Thursday, July 14, 2011

My Reading List


That word best describes my feelings these days when I think of what's happening on the other side of the country right now.  Somebody with some actual credentials is reading my book.  Well, that's not all; she's also marking on it with a red pen.  As a teacher, I've always enjoyed using a red pen due to the sense of purpose it gave me.  Silly, yes, and somewhat narcissistic, but it's the way I felt.  Having someone else use a red pen on my own work has always been, in turn, a rewarding receipt of needed feedback.  But that's easy to say for an 8 or 10-page essay.  I'm invested in this work to the tune of six months and nearly 80,000 words, and so I panic when I think of it.  I successfully wrote my comprehensive exams for the Ph.D. program I'm in, granted, but there was a detailed rubric, or a graphic explanation of how I'd be judged, with that.  There's no rubric for fantasy fiction.  Just when I think I know what the public is looking for, I find an example that proves me clueless.  

Just today, for example, I bought a book on eBay which then got me into a quagmire of other recommendations for books on plot, character development, dialog, etc.  It's amazing to me how many books have been written about how to write books.  Just totally amazing.

Speaking of buying books, I was asked yesterday to talk about how I determine what books to buy.  I admit, first, that it's kinda random sometimes.  For example, I went into a Books-A-Million a few months ago looking for a good fantasy book to read, and walked out with Sh*t my Dad Says.  I actually was in the process of walking out without that book, but it caught my eye on the bottom shelf of a center display.  You know how the bookstores stick tables right smack in the middle of the aisle, right?  It was one of those, but it was down about knee level, and so I barely saw it.  I had watched the show, though, in part because I still have a man crush going for William Shatner, so much so that I cheer at every Priceline commercial.  Can't help it; I'm in that generation of nerds.  I loved the show, anyway, and so it only stood to reason that I'd love the book the show was based off of.  So I bought it, and I'm glad I did.  It's a funny book.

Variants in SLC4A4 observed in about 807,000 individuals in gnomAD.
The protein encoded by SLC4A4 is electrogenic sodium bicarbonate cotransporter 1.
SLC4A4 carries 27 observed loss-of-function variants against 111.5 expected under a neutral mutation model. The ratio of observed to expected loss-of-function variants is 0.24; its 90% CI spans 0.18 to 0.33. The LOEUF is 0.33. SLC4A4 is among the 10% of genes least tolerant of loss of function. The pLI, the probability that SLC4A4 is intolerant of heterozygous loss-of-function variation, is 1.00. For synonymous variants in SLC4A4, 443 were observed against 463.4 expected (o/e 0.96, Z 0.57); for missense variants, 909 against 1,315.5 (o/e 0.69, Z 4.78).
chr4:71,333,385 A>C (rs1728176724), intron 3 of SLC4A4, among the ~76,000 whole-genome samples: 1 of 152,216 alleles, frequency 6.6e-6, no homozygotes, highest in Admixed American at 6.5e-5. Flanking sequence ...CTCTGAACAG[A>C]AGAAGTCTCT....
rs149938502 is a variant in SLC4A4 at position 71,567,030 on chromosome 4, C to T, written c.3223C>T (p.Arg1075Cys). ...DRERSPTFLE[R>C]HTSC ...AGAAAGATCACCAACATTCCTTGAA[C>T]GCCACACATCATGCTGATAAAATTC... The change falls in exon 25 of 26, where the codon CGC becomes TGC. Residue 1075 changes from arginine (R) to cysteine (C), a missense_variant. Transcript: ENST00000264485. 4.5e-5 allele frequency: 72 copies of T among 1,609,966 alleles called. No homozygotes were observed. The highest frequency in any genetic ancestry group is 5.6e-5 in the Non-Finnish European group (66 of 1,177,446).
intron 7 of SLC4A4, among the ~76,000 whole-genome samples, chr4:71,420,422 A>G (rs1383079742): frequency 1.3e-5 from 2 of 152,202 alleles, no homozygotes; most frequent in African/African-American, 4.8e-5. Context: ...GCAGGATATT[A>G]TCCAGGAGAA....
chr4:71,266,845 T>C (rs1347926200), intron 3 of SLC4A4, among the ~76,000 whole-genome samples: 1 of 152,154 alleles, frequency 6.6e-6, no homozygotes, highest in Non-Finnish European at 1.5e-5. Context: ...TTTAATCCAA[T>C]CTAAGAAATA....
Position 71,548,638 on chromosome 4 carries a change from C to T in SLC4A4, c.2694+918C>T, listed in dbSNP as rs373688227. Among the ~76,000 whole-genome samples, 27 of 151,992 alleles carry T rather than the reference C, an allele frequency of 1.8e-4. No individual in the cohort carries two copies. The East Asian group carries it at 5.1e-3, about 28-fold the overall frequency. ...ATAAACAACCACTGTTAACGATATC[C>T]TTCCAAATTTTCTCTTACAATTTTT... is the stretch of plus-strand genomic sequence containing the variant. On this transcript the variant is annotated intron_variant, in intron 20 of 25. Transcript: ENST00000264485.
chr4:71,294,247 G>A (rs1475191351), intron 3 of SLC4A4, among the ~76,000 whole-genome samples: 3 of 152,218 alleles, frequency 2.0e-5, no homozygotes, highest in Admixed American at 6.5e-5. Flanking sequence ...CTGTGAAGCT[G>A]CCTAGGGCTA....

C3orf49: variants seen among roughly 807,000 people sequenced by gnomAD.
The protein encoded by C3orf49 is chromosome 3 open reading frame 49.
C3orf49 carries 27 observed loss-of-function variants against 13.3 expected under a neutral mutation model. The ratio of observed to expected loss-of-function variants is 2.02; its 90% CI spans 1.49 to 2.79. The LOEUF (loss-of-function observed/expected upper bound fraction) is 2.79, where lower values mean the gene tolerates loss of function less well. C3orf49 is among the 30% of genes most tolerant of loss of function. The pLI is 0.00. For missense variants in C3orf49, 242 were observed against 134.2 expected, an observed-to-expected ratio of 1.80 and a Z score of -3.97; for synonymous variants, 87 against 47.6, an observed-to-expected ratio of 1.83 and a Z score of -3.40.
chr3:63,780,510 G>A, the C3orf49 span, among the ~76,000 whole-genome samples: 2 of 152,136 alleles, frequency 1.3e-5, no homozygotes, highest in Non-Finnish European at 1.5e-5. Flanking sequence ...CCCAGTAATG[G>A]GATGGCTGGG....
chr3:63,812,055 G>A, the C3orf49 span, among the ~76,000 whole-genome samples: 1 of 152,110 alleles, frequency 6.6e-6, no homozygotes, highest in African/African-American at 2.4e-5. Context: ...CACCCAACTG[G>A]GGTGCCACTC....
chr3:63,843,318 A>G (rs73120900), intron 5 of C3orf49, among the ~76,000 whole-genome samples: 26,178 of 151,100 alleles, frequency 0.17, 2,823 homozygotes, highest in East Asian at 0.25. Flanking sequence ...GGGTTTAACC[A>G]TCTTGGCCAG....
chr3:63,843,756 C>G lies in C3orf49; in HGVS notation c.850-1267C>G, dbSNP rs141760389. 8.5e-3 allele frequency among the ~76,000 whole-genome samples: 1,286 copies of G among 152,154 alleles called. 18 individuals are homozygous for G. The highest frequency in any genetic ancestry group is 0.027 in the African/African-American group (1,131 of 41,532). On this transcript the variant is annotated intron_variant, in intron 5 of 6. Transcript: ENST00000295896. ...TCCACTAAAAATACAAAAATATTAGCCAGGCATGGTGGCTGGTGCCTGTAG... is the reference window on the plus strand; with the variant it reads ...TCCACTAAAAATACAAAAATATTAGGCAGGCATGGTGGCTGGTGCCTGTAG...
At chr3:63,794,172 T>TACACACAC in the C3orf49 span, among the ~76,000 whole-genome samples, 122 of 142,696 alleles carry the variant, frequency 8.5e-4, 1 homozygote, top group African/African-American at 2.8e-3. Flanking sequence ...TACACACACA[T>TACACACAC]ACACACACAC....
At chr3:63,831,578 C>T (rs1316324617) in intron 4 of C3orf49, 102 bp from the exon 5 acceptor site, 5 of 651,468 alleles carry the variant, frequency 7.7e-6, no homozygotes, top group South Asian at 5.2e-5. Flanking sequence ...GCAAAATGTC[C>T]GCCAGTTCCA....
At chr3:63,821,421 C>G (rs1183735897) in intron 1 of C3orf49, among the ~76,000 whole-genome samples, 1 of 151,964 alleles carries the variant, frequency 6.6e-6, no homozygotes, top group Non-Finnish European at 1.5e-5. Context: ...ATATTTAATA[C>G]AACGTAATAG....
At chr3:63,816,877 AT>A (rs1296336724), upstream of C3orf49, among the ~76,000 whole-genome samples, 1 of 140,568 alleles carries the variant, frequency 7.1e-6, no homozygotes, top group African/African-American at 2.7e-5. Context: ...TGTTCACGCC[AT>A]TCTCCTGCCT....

Used to be I was much more careful, in large part because I was a broke cheapskate.  As a young adult I only had the budget, with what the regular dosage of beer was costing, to buy a book every so often, and so it had to be a good one.  Growing up I don't remember reading much of anything fun, what with all the Very Important Books I had to notread for my high school classes.  I recall very much enjoying notreading Billy Budd, for example.  Pride and Prejudice, too; I didn't read that book several times through high school and college, which led to a great rediscovery of a story I'd never known played artfully by Keira Knightley and, um, some other people.  I was also given the opportunity in my 11th grade lit class to notread The Great Gatsby, which I kind of regret doing now because I occasionally catch myself wondering what was so great about him.  Later, in college, I didn't read most of Shakespeare and all of The Prince and Dante's Inferno

Thus it happened, then, that I reached my early 20's having only read, for the most part, the pages of the various textbooks that contained the homework questions and a book titled The Search for Schroedinger's Cat.  That, and my Bugle Notes, but "read" isn't the right verb to apply to my intensive memorization of the pages from that little bundle of joy and radiance.